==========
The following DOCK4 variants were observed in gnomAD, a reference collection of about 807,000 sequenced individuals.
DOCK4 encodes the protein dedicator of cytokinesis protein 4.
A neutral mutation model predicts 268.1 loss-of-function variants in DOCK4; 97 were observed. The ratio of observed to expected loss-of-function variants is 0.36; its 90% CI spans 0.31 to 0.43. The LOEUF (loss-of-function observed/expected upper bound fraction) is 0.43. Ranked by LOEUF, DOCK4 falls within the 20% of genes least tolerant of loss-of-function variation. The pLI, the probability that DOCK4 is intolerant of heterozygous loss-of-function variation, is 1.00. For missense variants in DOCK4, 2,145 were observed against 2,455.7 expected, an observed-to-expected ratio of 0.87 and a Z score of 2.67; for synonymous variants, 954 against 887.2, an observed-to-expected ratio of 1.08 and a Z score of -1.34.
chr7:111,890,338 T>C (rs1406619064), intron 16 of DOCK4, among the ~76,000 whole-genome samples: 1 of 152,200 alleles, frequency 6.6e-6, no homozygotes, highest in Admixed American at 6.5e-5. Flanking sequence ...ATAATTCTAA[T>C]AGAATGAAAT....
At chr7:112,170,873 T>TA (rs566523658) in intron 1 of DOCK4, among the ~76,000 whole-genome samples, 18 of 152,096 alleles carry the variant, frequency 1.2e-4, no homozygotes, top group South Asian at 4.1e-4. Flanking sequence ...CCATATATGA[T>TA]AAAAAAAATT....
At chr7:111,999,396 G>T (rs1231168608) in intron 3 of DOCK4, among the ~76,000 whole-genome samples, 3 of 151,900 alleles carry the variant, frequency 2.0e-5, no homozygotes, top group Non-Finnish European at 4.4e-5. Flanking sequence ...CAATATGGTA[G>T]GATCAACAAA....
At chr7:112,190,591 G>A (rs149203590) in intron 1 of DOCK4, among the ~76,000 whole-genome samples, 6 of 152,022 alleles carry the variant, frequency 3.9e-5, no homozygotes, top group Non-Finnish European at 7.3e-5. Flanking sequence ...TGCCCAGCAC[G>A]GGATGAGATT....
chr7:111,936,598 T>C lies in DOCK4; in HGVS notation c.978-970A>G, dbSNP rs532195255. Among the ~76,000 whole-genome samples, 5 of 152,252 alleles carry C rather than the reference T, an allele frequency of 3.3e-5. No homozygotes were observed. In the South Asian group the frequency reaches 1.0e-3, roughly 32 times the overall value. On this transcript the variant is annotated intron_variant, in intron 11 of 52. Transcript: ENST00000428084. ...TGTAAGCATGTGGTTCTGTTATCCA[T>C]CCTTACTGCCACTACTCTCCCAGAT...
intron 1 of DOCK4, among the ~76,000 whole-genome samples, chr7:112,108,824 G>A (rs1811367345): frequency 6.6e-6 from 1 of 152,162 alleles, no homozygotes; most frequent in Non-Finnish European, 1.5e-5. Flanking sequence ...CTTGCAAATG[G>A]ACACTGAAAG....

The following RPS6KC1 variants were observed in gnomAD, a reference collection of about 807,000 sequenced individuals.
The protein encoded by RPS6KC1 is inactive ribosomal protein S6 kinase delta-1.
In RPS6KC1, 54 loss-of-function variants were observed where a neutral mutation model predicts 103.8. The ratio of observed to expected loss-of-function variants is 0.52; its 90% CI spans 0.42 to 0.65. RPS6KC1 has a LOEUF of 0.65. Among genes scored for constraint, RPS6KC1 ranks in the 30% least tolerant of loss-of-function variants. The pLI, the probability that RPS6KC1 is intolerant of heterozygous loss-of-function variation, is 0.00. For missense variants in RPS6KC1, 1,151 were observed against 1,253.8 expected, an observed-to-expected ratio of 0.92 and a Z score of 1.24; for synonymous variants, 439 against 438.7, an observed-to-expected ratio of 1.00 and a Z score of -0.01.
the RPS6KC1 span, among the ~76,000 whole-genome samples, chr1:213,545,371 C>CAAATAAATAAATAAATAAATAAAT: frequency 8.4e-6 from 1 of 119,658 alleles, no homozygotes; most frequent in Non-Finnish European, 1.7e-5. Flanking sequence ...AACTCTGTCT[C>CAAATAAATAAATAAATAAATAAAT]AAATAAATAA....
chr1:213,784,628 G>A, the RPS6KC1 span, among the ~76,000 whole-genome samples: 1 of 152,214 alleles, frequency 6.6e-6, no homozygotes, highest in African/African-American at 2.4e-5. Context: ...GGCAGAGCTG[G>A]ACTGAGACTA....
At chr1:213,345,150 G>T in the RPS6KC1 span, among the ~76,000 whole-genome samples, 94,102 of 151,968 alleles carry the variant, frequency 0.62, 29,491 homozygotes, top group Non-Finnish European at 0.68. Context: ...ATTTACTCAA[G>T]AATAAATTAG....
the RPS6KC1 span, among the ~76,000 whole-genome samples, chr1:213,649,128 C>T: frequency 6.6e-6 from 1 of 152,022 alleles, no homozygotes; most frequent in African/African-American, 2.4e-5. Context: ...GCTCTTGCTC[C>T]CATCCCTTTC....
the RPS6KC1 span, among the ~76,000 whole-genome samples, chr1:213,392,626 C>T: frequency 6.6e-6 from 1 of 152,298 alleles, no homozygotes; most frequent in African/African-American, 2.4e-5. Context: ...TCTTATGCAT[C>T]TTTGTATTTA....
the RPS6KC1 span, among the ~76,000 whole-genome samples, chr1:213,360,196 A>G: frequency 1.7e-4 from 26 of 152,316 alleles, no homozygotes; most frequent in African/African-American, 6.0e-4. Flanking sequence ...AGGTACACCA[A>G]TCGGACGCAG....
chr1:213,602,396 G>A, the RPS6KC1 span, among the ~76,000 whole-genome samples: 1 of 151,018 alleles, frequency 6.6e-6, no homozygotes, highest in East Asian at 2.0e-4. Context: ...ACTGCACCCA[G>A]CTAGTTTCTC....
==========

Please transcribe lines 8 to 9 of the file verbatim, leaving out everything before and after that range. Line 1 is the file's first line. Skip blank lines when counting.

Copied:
chr7:111,936,598 T>C lies in DOCK4; in HGVS notation c.978-970A>G, dbSNP rs532195255. Among the ~76,000 whole-genome samples, 5 of 152,252 alleles carry C rather than the reference T, an allele frequency of 3.3e-5. No homozygotes were observed. In the South Asian group the frequency reaches 1.0e-3, roughly 32 times the overall value. On this transcript the variant is annotated intron_variant, in intron 11 of 52. Transcript: ENST00000428084. ...TGTAAGCATGTGGTTCTGTTATCCA[T>C]CCTTACTGCCACTACTCTCCCAGAT...
intron 1 of DOCK4, among the ~76,000 whole-genome samples, chr7:112,108,824 G>A (rs1811367345): frequency 6.6e-6 from 1 of 152,162 alleles, no homozygotes; most frequent in Non-Finnish European, 1.5e-5. Flanking sequence ...CTTGCAAATG[G>A]ACACTGAAAG....